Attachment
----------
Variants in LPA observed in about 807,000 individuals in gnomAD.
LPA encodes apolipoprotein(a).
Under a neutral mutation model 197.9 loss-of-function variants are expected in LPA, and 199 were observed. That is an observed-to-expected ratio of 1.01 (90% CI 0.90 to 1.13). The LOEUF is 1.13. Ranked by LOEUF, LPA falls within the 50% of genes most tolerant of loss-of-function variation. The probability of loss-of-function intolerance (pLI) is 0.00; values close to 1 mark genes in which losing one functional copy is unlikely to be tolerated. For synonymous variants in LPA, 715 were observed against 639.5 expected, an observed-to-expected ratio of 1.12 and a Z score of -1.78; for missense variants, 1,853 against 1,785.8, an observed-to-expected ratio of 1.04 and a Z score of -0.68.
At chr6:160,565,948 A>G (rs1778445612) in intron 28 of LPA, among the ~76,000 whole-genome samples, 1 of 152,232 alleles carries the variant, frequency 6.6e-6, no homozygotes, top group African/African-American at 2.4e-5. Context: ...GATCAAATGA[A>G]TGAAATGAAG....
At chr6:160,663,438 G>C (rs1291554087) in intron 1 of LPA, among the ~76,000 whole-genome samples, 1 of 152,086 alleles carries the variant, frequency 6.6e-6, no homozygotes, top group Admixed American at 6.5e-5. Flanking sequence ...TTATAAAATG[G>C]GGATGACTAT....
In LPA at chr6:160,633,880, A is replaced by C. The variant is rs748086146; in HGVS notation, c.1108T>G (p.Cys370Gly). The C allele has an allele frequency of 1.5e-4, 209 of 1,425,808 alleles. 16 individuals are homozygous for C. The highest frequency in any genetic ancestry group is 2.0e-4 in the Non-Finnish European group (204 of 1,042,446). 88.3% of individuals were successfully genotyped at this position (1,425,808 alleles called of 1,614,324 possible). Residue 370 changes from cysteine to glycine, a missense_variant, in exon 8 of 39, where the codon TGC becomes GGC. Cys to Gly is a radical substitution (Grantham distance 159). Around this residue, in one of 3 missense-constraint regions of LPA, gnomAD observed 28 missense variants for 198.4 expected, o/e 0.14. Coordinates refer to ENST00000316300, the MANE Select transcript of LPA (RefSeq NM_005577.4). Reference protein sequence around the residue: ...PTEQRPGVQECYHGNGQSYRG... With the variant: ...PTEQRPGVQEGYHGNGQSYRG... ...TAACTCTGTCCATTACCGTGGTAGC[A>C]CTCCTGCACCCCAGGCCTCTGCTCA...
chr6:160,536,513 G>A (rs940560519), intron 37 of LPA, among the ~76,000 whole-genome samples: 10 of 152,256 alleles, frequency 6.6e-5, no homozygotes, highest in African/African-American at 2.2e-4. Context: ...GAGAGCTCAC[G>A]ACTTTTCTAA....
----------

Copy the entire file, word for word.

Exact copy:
Variants in LPA observed in about 807,000 individuals in gnomAD.
LPA encodes apolipoprotein(a).
Under a neutral mutation model 197.9 loss-of-function variants are expected in LPA, and 199 were observed. That is an observed-to-expected ratio of 1.01 (90% CI 0.90 to 1.13). The LOEUF is 1.13. Ranked by LOEUF, LPA falls within the 50% of genes most tolerant of loss-of-function variation. The probability of loss-of-function intolerance (pLI) is 0.00; values close to 1 mark genes in which losing one functional copy is unlikely to be tolerated. For synonymous variants in LPA, 715 were observed against 639.5 expected, an observed-to-expected ratio of 1.12 and a Z score of -1.78; for missense variants, 1,853 against 1,785.8, an observed-to-expected ratio of 1.04 and a Z score of -0.68.
At chr6:160,565,948 A>G (rs1778445612) in intron 28 of LPA, among the ~76,000 whole-genome samples, 1 of 152,232 alleles carries the variant, frequency 6.6e-6, no homozygotes, top group African/African-American at 2.4e-5. Context: ...GATCAAATGA[A>G]TGAAATGAAG....
At chr6:160,663,438 G>C (rs1291554087) in intron 1 of LPA, among the ~76,000 whole-genome samples, 1 of 152,086 alleles carries the variant, frequency 6.6e-6, no homozygotes, top group Admixed American at 6.5e-5. Flanking sequence ...TTATAAAATG[G>C]GGATGACTAT....
In LPA at chr6:160,633,880, A is replaced by C. The variant is rs748086146; in HGVS notation, c.1108T>G (p.Cys370Gly). The C allele has an allele frequency of 1.5e-4, 209 of 1,425,808 alleles. 16 individuals are homozygous for C. The highest frequency in any genetic ancestry group is 2.0e-4 in the Non-Finnish European group (204 of 1,042,446). 88.3% of individuals were successfully genotyped at this position (1,425,808 alleles called of 1,614,324 possible). Residue 370 changes from cysteine to glycine, a missense_variant, in exon 8 of 39, where the codon TGC becomes GGC. Cys to Gly is a radical substitution (Grantham distance 159). Around this residue, in one of 3 missense-constraint regions of LPA, gnomAD observed 28 missense variants for 198.4 expected, o/e 0.14. Coordinates refer to ENST00000316300, the MANE Select transcript of LPA (RefSeq NM_005577.4). Reference protein sequence around the residue: ...PTEQRPGVQECYHGNGQSYRG... With the variant: ...PTEQRPGVQEGYHGNGQSYRG... ...TAACTCTGTCCATTACCGTGGTAGC[A>C]CTCCTGCACCCCAGGCCTCTGCTCA...
chr6:160,536,513 G>A (rs940560519), intron 37 of LPA, among the ~76,000 whole-genome samples: 10 of 152,256 alleles, frequency 6.6e-5, no homozygotes, highest in African/African-American at 2.2e-4. Context: ...GAGAGCTCAC[G>A]ACTTTTCTAA....